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Engari kē! - But!

Achievement objective

3.4 Communicate, including comparing and contrasting, about how people travel.

Learning intentions

Students can:

  • link sentences with the conjunction ‘engari’
  • understand, and use, the word ‘’ (meaning ‘instead’).


At the end of this lesson, students can:

KōreroKōrero - Speaking: Use generally appropriate pronunciation, stress, rhythm and intonation. Initiate and sustain short conversations.

WhakarongoWhakarongo - Listening: Get the gist of short oral texts that contain some unfamiliar language.

TuhituhiTuhituhi - Writing:Prepare and write short texts on familiar topics. Use appropriate writing conventions.

PānuiPānui - Reading: Get the gist of short written texts that contain some unfamiliar language.


Lesson sequence

This lesson reinforces the use of ‘kē’.

Introduce the students to the word ‘engari’. Say:

“Kei te haere au ki Tauranga, engari kei te haere kē koe ki Ōtautahi.”
“I’m going to Tauranga but you’re going instead to Christchurch.”

Hand out copies of Resource sheets 3J, 3K and 3L. Ask the class to describe the journeys presented on the maps. Model the first statement for them.

When they have finished, have them describe the activities in the diagrams using ‘engari’.

Kei te eke ngaru au, engari kei te waiata kē koe.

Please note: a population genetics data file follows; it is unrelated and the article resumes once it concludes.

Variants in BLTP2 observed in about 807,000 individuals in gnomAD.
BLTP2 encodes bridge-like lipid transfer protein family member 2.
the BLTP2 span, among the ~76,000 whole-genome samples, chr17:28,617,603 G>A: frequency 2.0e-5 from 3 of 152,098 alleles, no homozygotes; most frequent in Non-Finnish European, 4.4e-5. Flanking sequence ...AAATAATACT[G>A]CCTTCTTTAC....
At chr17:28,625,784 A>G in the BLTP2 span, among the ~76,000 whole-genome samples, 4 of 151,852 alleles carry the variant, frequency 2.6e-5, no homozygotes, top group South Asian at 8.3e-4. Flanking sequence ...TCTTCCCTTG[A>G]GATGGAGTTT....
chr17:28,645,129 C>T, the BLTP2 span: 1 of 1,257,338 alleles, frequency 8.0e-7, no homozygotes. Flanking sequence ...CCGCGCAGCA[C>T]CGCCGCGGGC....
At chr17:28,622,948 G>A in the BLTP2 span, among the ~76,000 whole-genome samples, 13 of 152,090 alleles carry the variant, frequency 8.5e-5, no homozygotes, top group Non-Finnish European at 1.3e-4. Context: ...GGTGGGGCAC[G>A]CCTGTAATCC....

I am surfing but you are instead singing.

Language to use

  • ‘Engari’ (but) or its variation ‘erangi’
  • Instead, ‘kē’
  • ‘Ki’ before place names and ‘ki te’ before buildings
  • Use of ‘ki te’ to say ‘in order to’
  • Present tense marker ‘Kei te…’


Refer to Answer sheet 3J & K English for the English translations of the answers, and Word list: Ngā wāhi o Aotearoa for place names.

Remember that ‘kē’ is placed after the verb.

‘Engari’ can also be spelt ‘erangi’.


The students could name people on the Resource sheets, describing where they are and what they are doing, for example:

Kei te eke ngaru a Tamahori ki Te Tūranga-nui-a-Kiwa.
Tamahori is surfing in Gisborne.

Further learning

The students could draw pictures showing people going somewhere, and what they will do when they arrive.

Charades: The students could silently act out actions for the class to identify, for example:

Kei te kai koe - You are eating.
Kei te oma koe - You are running.
Kei te waiata koe - You are singing.

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